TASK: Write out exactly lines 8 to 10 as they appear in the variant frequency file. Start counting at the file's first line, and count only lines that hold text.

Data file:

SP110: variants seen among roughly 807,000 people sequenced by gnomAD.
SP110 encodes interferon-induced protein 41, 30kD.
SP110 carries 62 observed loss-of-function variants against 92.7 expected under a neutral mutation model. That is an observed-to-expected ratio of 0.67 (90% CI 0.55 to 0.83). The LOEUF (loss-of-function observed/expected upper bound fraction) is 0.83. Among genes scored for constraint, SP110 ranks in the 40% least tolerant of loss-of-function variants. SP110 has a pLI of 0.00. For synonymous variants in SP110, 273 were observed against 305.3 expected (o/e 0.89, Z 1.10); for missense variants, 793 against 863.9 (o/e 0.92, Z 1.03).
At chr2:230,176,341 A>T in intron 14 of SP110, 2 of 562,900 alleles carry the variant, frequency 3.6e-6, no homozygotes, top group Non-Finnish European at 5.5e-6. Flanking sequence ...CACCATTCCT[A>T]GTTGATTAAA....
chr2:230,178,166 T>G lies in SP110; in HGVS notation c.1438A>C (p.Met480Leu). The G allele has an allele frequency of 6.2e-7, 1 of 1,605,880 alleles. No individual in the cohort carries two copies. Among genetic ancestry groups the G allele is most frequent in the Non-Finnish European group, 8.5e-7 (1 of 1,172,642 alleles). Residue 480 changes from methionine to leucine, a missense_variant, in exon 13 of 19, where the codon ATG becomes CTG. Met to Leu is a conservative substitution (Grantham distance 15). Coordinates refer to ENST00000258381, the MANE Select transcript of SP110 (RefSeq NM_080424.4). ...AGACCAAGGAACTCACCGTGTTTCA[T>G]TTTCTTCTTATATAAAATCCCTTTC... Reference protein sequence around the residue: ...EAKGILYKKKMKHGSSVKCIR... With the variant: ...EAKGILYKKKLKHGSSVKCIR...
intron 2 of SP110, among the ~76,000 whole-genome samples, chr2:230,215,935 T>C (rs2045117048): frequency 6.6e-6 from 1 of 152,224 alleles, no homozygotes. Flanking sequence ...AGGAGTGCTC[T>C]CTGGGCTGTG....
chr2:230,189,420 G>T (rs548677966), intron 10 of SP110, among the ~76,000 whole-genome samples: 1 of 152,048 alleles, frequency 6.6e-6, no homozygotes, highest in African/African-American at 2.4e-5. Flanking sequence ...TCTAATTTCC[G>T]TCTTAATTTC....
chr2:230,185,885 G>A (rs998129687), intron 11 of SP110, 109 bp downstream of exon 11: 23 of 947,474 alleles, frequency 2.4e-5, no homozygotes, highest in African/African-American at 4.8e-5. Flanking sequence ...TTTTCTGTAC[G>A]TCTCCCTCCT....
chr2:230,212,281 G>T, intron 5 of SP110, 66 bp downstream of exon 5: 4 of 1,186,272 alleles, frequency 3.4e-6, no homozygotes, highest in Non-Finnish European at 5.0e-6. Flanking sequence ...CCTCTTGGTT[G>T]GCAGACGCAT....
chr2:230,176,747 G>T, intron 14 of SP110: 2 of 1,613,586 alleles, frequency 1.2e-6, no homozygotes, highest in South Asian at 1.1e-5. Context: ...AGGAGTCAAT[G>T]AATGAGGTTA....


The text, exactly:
chr2:230,185,885 G>A (rs998129687), intron 11 of SP110, 109 bp downstream of exon 11: 23 of 947,474 alleles, frequency 2.4e-5, no homozygotes, highest in African/African-American at 4.8e-5. Flanking sequence ...TTTTCTGTAC[G>A]TCTCCCTCCT....
chr2:230,212,281 G>T, intron 5 of SP110, 66 bp downstream of exon 5: 4 of 1,186,272 alleles, frequency 3.4e-6, no homozygotes, highest in Non-Finnish European at 5.0e-6. Flanking sequence ...CCTCTTGGTT[G>T]GCAGACGCAT....
chr2:230,176,747 G>T, intron 14 of SP110: 2 of 1,613,586 alleles, frequency 1.2e-6, no homozygotes, highest in South Asian at 1.1e-5. Context: ...AGGAGTCAAT[G>T]AATGAGGTTA....